Ross asks her to come to Holland to nurse his sister (and fall in love with him!) who has brucellosis and an allergy to antibiotics. She does and you can forget all about Gemma's nice family for the remainder of the book--she does.

Brucellosis is also called Bang's Disease, Malta Fever, Gibraltar Fever and rock fever. Bang's disease would have been funner. Anyway, Rienieta has joint pain and fevers and is described as "a handful". Despite a common Neels-ism being spoiled-brat womenfolk, Rienieta turns out to be nice but grumpy about being sick for a month. She also utters the most un-Betty line in the whole book: "...two dates in one evening!...You must be very sexy Gemma."

That's right. Two dates. Enter the villain.

Leo de Vos (whose name in Dutch must translate to "he who twirls a greasy mustache") is a classic Neels bad guy. Let's keep score, shall we?
•Trendy clothes (strike!)
•longish hair (strike!)
•curses at hapless lorry drivers when he's on the road (strike!)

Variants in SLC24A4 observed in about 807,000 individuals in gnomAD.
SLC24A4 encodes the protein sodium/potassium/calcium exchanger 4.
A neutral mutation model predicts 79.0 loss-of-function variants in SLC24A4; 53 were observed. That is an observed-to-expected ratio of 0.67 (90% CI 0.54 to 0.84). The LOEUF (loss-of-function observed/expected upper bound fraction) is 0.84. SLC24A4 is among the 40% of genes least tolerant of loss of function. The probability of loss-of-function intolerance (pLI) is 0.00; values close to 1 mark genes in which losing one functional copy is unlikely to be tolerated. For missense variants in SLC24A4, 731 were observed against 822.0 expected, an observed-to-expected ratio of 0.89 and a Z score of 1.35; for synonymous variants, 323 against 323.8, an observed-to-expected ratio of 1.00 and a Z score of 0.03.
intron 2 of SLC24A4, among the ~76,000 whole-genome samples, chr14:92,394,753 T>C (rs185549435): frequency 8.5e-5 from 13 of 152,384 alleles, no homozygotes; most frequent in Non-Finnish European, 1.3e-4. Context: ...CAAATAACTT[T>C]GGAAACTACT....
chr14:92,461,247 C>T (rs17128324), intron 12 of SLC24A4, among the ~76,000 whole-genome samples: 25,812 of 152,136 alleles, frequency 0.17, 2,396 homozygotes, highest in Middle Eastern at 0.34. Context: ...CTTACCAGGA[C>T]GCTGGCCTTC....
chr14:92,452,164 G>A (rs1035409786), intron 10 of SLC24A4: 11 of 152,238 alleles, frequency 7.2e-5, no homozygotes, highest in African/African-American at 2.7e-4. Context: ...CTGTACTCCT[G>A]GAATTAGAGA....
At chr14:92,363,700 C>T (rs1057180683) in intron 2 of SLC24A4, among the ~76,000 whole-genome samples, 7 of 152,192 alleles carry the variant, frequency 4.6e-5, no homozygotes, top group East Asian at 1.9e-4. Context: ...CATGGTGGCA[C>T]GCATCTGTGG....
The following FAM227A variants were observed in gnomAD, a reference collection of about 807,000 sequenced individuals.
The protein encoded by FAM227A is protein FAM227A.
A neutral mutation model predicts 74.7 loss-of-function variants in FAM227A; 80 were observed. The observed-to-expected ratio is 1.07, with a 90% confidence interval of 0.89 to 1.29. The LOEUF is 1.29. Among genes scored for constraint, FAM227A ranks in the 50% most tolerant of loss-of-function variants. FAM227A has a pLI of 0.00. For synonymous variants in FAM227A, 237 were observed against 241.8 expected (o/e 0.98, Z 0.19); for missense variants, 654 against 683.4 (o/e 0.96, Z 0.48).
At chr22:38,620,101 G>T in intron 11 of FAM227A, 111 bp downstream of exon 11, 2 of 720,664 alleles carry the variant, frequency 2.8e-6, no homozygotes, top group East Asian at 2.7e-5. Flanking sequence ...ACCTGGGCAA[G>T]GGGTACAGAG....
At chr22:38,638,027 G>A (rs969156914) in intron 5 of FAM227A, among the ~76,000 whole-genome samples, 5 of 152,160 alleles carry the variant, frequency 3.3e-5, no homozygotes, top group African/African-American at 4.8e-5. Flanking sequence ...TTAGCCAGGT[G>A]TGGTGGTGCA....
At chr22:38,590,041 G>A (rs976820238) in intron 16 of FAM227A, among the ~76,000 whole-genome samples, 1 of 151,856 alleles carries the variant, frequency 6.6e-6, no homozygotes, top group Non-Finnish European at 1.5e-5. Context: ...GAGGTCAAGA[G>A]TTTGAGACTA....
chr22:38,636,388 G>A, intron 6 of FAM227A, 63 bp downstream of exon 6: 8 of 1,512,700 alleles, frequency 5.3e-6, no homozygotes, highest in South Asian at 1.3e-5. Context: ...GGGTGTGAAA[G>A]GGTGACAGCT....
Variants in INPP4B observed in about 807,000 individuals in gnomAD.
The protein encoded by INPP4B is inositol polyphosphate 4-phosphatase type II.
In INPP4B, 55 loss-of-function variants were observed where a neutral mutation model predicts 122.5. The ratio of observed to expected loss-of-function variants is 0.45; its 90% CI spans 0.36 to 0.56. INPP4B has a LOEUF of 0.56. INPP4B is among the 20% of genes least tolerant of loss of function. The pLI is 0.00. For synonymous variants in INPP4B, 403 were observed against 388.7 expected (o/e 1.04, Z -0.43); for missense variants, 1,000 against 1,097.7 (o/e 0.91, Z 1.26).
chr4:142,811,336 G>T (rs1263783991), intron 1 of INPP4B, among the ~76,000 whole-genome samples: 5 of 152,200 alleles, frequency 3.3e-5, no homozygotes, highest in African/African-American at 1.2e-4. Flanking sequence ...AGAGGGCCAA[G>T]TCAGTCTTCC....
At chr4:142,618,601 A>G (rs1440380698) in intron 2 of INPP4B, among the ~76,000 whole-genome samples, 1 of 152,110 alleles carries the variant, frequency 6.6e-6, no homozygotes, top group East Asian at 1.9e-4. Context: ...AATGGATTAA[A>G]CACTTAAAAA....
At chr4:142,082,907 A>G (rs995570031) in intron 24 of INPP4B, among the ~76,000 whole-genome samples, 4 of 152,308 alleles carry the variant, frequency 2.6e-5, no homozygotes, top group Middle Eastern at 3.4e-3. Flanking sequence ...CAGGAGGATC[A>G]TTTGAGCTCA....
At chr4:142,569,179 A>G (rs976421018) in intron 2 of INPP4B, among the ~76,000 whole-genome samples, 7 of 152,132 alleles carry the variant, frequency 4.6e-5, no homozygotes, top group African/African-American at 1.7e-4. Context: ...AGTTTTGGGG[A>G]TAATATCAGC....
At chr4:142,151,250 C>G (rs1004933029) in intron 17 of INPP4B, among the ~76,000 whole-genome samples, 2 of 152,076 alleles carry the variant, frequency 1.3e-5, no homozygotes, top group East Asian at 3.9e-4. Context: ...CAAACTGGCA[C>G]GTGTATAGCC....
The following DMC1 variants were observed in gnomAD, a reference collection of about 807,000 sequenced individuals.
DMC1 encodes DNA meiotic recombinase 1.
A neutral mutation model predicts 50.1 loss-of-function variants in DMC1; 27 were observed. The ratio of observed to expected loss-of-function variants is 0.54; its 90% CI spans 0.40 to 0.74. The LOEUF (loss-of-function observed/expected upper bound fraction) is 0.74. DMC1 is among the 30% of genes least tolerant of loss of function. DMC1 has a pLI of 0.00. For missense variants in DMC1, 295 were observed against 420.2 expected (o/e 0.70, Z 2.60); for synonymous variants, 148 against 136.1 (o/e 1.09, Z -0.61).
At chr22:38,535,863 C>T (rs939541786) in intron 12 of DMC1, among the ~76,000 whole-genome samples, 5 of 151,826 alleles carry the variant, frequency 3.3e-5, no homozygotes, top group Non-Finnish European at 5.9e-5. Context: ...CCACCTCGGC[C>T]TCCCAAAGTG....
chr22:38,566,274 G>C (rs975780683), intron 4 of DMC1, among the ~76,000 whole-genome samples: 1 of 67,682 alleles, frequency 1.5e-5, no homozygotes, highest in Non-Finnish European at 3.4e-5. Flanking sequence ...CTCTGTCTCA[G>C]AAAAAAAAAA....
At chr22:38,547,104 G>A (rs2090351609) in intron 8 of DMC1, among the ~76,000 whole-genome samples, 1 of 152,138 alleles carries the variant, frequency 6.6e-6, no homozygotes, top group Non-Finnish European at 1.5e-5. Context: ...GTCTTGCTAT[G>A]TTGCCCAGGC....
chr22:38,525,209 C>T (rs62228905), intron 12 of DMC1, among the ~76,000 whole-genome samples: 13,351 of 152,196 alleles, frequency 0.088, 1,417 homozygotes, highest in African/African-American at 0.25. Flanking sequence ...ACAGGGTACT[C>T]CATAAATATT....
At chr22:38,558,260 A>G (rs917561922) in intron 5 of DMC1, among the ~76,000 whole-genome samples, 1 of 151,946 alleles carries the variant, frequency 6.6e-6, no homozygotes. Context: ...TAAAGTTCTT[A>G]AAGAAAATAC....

•skips charming canals when sightseeing (strike!)
•calls her darling (strike!)
•drinks vodka (strike!)
•takes her to an Indonesian restaurant in a semi-basement (spicy Indonesian food! A semi-basement! Double strike!)
•He owns a Porsche 911s Targa (which must also be Dutch for jerk-mobile). Strike!

Our hero, on the other hand owns a Jag XL-S and an Aston Martin(Dutch for"I'm not a pansy"):We spend a lot of time with Gemma mooning after this pitiful excuse for a man while Ross pulls her out of one humiliating scenario after another with a brotherly manner and a magnanimous air. Betty really makes the most of his irritations with Gemma's stupidity but he only ever erupts once: "Why do you have to be such a child--the eldest of six and still wet behind the ears!"

But you know they're destined for each other. For one thing, he knows how to figure out what she wants when she dances past him on the arm of a long hair. "Hullo," he said matter-of-factly. "I hope I interpreted that look correctly. It was rescue you wanted, wasn't it?" If nothing else seals their future happiness, his ability to know when to leave a boring party on a pre-textual medical call just because she's wiggled her eyebrows from across the room does.

But back to the rat. He throws a party for her that ends with Ross knocking out his front teeth (and the rat that Leo made a bet with (to have Gemma fall in love with him, naturally)). Our Neels heroes rarely punch the daylights out of anybody but street toughs and this was Gemma ends the evening by bursting into tears (always unattractive in a Neels heroine--here Betty reaches gritty realism with puffy eyelids and blotchy faces) and throwing up into a ditch. (It's cuter than it sounds.)